Evolution is a Fact #19 - Goosebumps

by cofty 14 Replies latest watchtower beliefs

  • cofty

    At the base of every hair follicle in your body are tiny muscles known arectores pilorum.

    When you are cold, or frightened, or otherwise aroused the muscles contract and make your skin look like a plucked turkey.

    This reaction, known as the pilomotor reflex, is caused by a surge of adrenaline. Even thinking about an emotive event that happened in the past - or might happen in the future - can be enough to trigger this response. Go on take a moment to try it.

    In our hairy ancestors - and our fluffy or feathered cousins - this reflex has a practical use. It traps air in the fur or plumage when they are cold and makes them look bigger when threatened.

    In humans it is one of many examples of a vestigial feature. Our body hair is so puny that it no longer serves any use but there is insufficient selection pressure for it to disappear.

    On the other hand it does give you a clue if somebody is cold, scared or sexually aroused. It's usually safer to assume it's one of the first two options.

    #1 Protein Functional Redundancy - - - - - - - - - #2 DNA Functional Redundancy
    #3 ERVs #4 Smelly Genes
    #5 Vitamin C #6 Human Chromosome 2
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    #9 Less Chewing More Thinking #10 Non-Coding DNA
    #11 Tiktaalik #12 Lenski's E.coli Experiment
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    #15 Robinson Crusoe #16 Aquatic Mammals
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  • Simon

    C'mon, we all know it's ghosts !!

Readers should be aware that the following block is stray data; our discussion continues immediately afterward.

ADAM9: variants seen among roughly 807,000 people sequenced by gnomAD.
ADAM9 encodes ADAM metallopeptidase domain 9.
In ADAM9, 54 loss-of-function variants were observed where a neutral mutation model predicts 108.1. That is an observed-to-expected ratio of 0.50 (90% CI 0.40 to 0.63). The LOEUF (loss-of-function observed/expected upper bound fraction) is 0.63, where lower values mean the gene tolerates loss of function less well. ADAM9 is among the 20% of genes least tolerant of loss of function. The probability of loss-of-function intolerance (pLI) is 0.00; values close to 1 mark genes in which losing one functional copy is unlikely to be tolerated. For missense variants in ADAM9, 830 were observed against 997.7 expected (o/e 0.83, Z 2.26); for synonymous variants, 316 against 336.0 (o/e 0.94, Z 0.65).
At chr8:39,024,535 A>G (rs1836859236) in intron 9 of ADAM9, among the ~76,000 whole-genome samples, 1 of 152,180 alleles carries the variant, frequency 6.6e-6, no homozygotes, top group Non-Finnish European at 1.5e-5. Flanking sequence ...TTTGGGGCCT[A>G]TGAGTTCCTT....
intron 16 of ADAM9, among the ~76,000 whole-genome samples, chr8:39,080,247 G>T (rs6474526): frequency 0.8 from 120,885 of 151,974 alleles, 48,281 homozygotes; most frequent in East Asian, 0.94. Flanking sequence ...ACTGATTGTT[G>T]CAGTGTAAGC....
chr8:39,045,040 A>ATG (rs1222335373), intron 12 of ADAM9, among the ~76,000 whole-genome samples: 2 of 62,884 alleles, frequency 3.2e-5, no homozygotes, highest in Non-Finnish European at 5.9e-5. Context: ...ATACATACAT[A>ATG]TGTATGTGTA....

BTW: do you have more nice leg photos?

    It's for science ...

  • cappytan
    I thought you folks across the pond called them goose pimples. 😜
  • Simon
    No, those are spots that Geese and Swans get. Not to be confused with Duck Acne.
  • cofty
    I won't tell you what I googled to get the second picture
  • Village Idiot
    Village Idiot
    Nice kitty!
  • slimboyfat

    I'm a bit skeptical about that one. How long do we have to go back before the ancestor of a human had a selective advantage from raised follicles when roused? It must be quite a way.

    Maybe there 's a more recent or current use for the phenomenon, that's not been identified, and that keeps it in the genes.

  • slimboyfat

    By the way Cofty, I go to the meetings of the Glasgow skeptics society and tonight they mentioned that we've got Aron Ra coming in a few weeks. Big anti-creationism activist from Texas. Have you heard of him?


  • cofty

    Hi SBF. I doubt if you would have to go back too far to find hairy ancestors. I've seen one or two gorillas at the sports centre who probably overheat when they get goosebumps. Perhaps losing the function of all those thousands of arectores pilorum just isn't that easy.

    Remember too that a vestigial feature might have a function that isn't the original one. For example the vertebrae in our sacrum no longer function to wag our tail but they do anchor muscles that have to do with continence - hurray for them.

    Aaron Ra should be interesting. he is a big hitter in the online atheist movement. Do you know what his topic is?

  • slimboyfat

    Don't know exactly what he's talking about, somebody mentioned creationism, he might just be explaining the situation with creationists in the US and what he does. The title will be announced nearer the time.

    Only now when I look him up do I remember watching his YouTube video he did about the mythical Jesus where I agree completely 100% with his take on the subject.


    Other than that I hadn't come across him before.

    I always thought the point of goosebumps was to warm you up when you're cold, like shivering. Do other apes get goosebumps I wonder. Because they are hairy.

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